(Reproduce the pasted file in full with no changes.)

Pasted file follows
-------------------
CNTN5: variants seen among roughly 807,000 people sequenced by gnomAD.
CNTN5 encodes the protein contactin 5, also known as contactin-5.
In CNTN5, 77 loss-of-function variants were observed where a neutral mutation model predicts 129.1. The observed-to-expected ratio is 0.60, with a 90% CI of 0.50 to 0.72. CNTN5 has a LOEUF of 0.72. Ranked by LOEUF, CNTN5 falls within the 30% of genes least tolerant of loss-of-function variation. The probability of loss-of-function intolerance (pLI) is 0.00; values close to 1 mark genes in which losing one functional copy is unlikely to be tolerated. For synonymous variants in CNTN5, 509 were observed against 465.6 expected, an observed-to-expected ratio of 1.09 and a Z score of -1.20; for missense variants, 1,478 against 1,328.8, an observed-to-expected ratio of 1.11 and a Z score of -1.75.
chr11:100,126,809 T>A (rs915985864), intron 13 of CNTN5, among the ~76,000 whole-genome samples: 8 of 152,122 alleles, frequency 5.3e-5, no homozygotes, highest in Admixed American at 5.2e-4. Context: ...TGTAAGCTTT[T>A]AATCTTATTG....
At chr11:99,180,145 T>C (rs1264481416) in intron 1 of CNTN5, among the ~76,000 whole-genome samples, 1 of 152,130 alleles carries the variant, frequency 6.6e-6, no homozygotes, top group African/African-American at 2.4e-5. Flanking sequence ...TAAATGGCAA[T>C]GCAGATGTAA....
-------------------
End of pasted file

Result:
CNTN5: variants seen among roughly 807,000 people sequenced by gnomAD.
CNTN5 encodes the protein contactin 5, also known as contactin-5.
In CNTN5, 77 loss-of-function variants were observed where a neutral mutation model predicts 129.1. The observed-to-expected ratio is 0.60, with a 90% CI of 0.50 to 0.72. CNTN5 has a LOEUF of 0.72. Ranked by LOEUF, CNTN5 falls within the 30% of genes least tolerant of loss-of-function variation. The probability of loss-of-function intolerance (pLI) is 0.00; values close to 1 mark genes in which losing one functional copy is unlikely to be tolerated. For synonymous variants in CNTN5, 509 were observed against 465.6 expected, an observed-to-expected ratio of 1.09 and a Z score of -1.20; for missense variants, 1,478 against 1,328.8, an observed-to-expected ratio of 1.11 and a Z score of -1.75.
chr11:100,126,809 T>A (rs915985864), intron 13 of CNTN5, among the ~76,000 whole-genome samples: 8 of 152,122 alleles, frequency 5.3e-5, no homozygotes, highest in Admixed American at 5.2e-4. Context: ...TGTAAGCTTT[T>A]AATCTTATTG....
At chr11:99,180,145 T>C (rs1264481416) in intron 1 of CNTN5, among the ~76,000 whole-genome samples, 1 of 152,130 alleles carries the variant, frequency 6.6e-6, no homozygotes, top group African/African-American at 2.4e-5. Flanking sequence ...TAAATGGCAA[T>C]GCAGATGTAA....